We sat down with artist Sandra Rushton to ask her a few questions about her life, her art work and how she came up with the fantastic illustrations for Katy Sue Designs’ newest venture: Adult Colouring Books!
Sandra, Noreen and the books will be available on Create and Craft TV on Thursday 29th October. There is a show at 12pm for the UK and at 5pm GMT/10am PT for both the UK and US!
How did you first become interested in art and crafts?
It’s always been there, I can’t remember a time where I didn’t have a collection of paper, pencils and scissors.
Have you always wanted to work as an artist?
I dreamt of being an artist when I was at school but it was not meant to be at that time. I pursued it as a hobby, which led me into teaching in the creative subject areas. It is only recently after watching lots of students following their dreams that I realised it was about time I did the same.
Did you study art or design at university?
I studied art and design as a mature student at college but then went on to completing a degree in Design and Technology so that I could work with lots of different materials, progressing onto a Masters’ degree specialising in computer aided design/manufacture in education.
What do you do now?
I now run a micro business where I produce my own range of printed clothing using my artwork. I provide a custom service for a range of businesses and of course, have been working alongside Katy Sue Designs creating colouring books.
Where do you work?
I share a studio/office space with my husband in Shirebrook in Nottinghamshire and because I am self employed I do occasionally work from home, particularly when creating new images.
Where do you get the inspiration for your illustrations?
Inspiration comes from everywhere. Mostly it starts from a doodle in the corner of a page which then mixes with something that has caught my attention. I doodle in a sketch pad and record snippets of things that I like the look of. Sometimes my friends challenge me to see what I’ll come up with. The shoes for example started with a flute and high heeled shoe combination, mixing my two passions; music and shoes together for a challenge, this was followed by the masquerade shoe in the book as I was asked: how would I go about drawing a ‘fluffy’ feather?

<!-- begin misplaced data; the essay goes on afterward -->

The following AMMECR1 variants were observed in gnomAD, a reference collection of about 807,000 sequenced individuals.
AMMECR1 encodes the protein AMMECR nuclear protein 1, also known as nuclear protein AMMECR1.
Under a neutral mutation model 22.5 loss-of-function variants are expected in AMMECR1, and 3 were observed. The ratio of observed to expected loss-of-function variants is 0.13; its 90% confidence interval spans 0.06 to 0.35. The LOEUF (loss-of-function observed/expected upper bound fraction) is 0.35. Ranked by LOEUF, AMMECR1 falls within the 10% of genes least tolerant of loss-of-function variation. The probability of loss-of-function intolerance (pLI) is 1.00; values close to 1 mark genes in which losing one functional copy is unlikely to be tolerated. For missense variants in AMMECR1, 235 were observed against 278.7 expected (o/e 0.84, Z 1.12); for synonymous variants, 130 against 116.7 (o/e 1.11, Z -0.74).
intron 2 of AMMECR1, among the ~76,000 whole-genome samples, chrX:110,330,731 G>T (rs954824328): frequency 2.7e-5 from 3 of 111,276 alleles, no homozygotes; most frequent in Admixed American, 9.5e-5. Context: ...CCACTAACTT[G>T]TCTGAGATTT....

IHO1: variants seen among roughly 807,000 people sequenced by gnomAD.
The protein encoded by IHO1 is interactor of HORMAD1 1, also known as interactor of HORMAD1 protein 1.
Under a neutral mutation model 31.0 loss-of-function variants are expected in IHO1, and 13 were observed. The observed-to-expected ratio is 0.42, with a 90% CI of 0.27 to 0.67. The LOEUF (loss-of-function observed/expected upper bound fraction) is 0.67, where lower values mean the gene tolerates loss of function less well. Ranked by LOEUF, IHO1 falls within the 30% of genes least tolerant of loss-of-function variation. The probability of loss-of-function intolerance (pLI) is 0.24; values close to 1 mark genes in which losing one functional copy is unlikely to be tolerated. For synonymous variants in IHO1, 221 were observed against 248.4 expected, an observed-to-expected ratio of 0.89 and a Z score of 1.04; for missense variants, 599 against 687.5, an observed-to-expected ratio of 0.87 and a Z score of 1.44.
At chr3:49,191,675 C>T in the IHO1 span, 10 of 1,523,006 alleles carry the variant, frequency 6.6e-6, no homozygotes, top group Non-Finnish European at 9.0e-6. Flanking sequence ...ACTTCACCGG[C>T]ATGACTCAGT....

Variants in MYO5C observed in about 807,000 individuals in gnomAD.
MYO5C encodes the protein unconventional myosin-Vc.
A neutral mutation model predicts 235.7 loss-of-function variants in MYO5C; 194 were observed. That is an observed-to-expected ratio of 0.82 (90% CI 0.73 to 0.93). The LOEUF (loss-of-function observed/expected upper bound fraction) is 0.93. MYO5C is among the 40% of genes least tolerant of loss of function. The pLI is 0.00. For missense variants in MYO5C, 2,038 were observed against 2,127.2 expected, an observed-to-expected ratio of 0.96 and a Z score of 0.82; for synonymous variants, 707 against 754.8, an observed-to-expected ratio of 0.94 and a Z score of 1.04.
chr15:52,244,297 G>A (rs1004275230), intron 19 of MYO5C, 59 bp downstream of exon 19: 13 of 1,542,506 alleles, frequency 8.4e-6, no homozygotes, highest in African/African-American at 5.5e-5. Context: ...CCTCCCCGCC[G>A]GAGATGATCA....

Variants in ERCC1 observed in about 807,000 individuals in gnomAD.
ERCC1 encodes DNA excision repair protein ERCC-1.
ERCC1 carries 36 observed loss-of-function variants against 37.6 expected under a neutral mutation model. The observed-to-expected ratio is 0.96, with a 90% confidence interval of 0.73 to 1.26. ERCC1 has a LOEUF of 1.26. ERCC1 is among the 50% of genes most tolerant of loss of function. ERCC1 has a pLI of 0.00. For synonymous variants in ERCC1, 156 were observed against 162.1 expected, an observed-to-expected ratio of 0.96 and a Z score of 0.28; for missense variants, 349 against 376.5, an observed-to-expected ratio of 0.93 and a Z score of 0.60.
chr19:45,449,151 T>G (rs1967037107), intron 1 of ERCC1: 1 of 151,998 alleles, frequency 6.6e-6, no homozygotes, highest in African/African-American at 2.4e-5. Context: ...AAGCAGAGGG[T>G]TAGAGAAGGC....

How long does the average illustration take? Is it different for a pattern page and a main image?
Some illustrations take shape quicker than others and some I go back to over a period of time. The shipwreck in Nautical adventures for example was completed over a couple of days but the land ahoy shoe took around a week.
What materials do you use to create your work?
Each drawing begins as a pencil sketch using a basic mechanical pencil then once I’m happy with the outline I like to define and add detail to the image with a fine tipped pen. My choice of paper varies depending on what I’ll use to enhance it. I work mostly in coloured pencils and oils but enjoy watercolour and acrylics from time to time.
What’s the creative process like for you? What do you do from start to finish?
Once I start an image I become obsessed with it and it becomes a huge part of my life over a period of time; even if I leave it for a while its always in view. The idea is not always complete in my head before I start; I just have an idea of where I want it to go then allow it to develop naturally. The detail within the image for the most part is drawn freehand using a pen. There is always something in progress, my workspace is always scattered with paper and pencils.
What’s the best piece of advice you have been given?
Never give up on your dream, think it and it will become reality.